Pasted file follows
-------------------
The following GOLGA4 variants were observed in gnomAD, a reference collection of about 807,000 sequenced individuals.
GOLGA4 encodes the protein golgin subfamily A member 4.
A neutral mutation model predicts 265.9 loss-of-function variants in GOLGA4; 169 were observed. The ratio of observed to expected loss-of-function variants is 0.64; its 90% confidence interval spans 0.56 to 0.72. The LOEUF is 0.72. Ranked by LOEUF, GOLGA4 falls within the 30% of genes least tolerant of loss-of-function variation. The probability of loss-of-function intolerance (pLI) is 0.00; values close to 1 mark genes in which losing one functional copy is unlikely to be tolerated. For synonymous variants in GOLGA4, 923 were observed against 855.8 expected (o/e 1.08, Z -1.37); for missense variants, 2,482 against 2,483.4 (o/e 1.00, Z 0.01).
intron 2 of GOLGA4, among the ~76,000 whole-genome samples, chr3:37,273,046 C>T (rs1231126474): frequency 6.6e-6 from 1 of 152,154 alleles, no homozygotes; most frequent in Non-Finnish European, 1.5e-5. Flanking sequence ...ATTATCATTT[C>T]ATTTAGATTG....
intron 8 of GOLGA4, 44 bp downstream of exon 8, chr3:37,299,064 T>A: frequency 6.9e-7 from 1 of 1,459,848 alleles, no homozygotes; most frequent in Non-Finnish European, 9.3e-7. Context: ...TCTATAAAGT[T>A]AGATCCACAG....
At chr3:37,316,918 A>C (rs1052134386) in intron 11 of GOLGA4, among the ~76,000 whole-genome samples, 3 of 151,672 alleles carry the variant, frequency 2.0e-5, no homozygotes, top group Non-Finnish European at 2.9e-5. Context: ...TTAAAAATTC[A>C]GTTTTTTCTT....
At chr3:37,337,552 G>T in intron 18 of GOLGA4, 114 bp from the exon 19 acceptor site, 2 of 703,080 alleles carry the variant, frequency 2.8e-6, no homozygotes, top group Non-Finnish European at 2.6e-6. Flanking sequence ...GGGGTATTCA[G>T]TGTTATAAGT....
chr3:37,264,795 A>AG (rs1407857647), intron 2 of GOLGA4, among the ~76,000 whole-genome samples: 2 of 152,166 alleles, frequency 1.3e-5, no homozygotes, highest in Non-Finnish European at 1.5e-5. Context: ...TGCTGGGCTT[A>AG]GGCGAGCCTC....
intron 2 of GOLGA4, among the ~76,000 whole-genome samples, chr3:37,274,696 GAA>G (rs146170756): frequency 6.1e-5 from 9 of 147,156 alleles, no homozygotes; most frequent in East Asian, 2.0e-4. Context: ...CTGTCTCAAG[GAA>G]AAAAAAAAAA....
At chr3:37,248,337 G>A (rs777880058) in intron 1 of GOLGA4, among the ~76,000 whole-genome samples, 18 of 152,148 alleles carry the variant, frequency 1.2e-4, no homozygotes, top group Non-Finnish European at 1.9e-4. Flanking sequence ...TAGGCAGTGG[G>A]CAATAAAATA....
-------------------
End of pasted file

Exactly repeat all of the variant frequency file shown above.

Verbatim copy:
The following GOLGA4 variants were observed in gnomAD, a reference collection of about 807,000 sequenced individuals.
GOLGA4 encodes the protein golgin subfamily A member 4.
A neutral mutation model predicts 265.9 loss-of-function variants in GOLGA4; 169 were observed. The ratio of observed to expected loss-of-function variants is 0.64; its 90% confidence interval spans 0.56 to 0.72. The LOEUF is 0.72. Ranked by LOEUF, GOLGA4 falls within the 30% of genes least tolerant of loss-of-function variation. The probability of loss-of-function intolerance (pLI) is 0.00; values close to 1 mark genes in which losing one functional copy is unlikely to be tolerated. For synonymous variants in GOLGA4, 923 were observed against 855.8 expected (o/e 1.08, Z -1.37); for missense variants, 2,482 against 2,483.4 (o/e 1.00, Z 0.01).
intron 2 of GOLGA4, among the ~76,000 whole-genome samples, chr3:37,273,046 C>T (rs1231126474): frequency 6.6e-6 from 1 of 152,154 alleles, no homozygotes; most frequent in Non-Finnish European, 1.5e-5. Flanking sequence ...ATTATCATTT[C>T]ATTTAGATTG....
intron 8 of GOLGA4, 44 bp downstream of exon 8, chr3:37,299,064 T>A: frequency 6.9e-7 from 1 of 1,459,848 alleles, no homozygotes; most frequent in Non-Finnish European, 9.3e-7. Context: ...TCTATAAAGT[T>A]AGATCCACAG....
At chr3:37,316,918 A>C (rs1052134386) in intron 11 of GOLGA4, among the ~76,000 whole-genome samples, 3 of 151,672 alleles carry the variant, frequency 2.0e-5, no homozygotes, top group Non-Finnish European at 2.9e-5. Context: ...TTAAAAATTC[A>C]GTTTTTTCTT....
At chr3:37,337,552 G>T in intron 18 of GOLGA4, 114 bp from the exon 19 acceptor site, 2 of 703,080 alleles carry the variant, frequency 2.8e-6, no homozygotes, top group Non-Finnish European at 2.6e-6. Flanking sequence ...GGGGTATTCA[G>T]TGTTATAAGT....
chr3:37,264,795 A>AG (rs1407857647), intron 2 of GOLGA4, among the ~76,000 whole-genome samples: 2 of 152,166 alleles, frequency 1.3e-5, no homozygotes, highest in Non-Finnish European at 1.5e-5. Context: ...TGCTGGGCTT[A>AG]GGCGAGCCTC....
intron 2 of GOLGA4, among the ~76,000 whole-genome samples, chr3:37,274,696 GAA>G (rs146170756): frequency 6.1e-5 from 9 of 147,156 alleles, no homozygotes; most frequent in East Asian, 2.0e-4. Context: ...CTGTCTCAAG[GAA>G]AAAAAAAAAA....
At chr3:37,248,337 G>A (rs777880058) in intron 1 of GOLGA4, among the ~76,000 whole-genome samples, 18 of 152,148 alleles carry the variant, frequency 1.2e-4, no homozygotes, top group Non-Finnish European at 1.9e-4. Flanking sequence ...TAGGCAGTGG[G>A]CAATAAAATA....